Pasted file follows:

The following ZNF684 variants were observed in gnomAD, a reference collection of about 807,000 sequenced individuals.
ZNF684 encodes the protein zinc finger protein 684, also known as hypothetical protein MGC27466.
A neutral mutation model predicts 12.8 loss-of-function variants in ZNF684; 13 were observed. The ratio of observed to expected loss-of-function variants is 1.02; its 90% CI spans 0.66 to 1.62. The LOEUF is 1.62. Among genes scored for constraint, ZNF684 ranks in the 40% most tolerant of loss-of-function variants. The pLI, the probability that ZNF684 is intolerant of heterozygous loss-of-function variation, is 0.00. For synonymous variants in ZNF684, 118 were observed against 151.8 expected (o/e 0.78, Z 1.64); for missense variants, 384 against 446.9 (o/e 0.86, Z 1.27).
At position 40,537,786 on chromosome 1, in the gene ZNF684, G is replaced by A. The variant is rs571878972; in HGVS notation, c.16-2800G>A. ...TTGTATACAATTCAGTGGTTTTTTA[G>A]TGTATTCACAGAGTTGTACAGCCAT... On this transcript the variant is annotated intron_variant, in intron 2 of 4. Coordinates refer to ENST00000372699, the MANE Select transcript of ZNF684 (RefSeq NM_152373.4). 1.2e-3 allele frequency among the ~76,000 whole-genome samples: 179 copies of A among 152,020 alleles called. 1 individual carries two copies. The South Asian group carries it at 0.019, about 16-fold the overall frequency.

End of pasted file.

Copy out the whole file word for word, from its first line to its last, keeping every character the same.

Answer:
The following ZNF684 variants were observed in gnomAD, a reference collection of about 807,000 sequenced individuals.
ZNF684 encodes the protein zinc finger protein 684, also known as hypothetical protein MGC27466.
A neutral mutation model predicts 12.8 loss-of-function variants in ZNF684; 13 were observed. The ratio of observed to expected loss-of-function variants is 1.02; its 90% CI spans 0.66 to 1.62. The LOEUF is 1.62. Among genes scored for constraint, ZNF684 ranks in the 40% most tolerant of loss-of-function variants. The pLI, the probability that ZNF684 is intolerant of heterozygous loss-of-function variation, is 0.00. For synonymous variants in ZNF684, 118 were observed against 151.8 expected (o/e 0.78, Z 1.64); for missense variants, 384 against 446.9 (o/e 0.86, Z 1.27).
At position 40,537,786 on chromosome 1, in the gene ZNF684, G is replaced by A. The variant is rs571878972; in HGVS notation, c.16-2800G>A. ...TTGTATACAATTCAGTGGTTTTTTA[G>A]TGTATTCACAGAGTTGTACAGCCAT... On this transcript the variant is annotated intron_variant, in intron 2 of 4. Coordinates refer to ENST00000372699, the MANE Select transcript of ZNF684 (RefSeq NM_152373.4). 1.2e-3 allele frequency among the ~76,000 whole-genome samples: 179 copies of A among 152,020 alleles called. 1 individual carries two copies. The South Asian group carries it at 0.019, about 16-fold the overall frequency.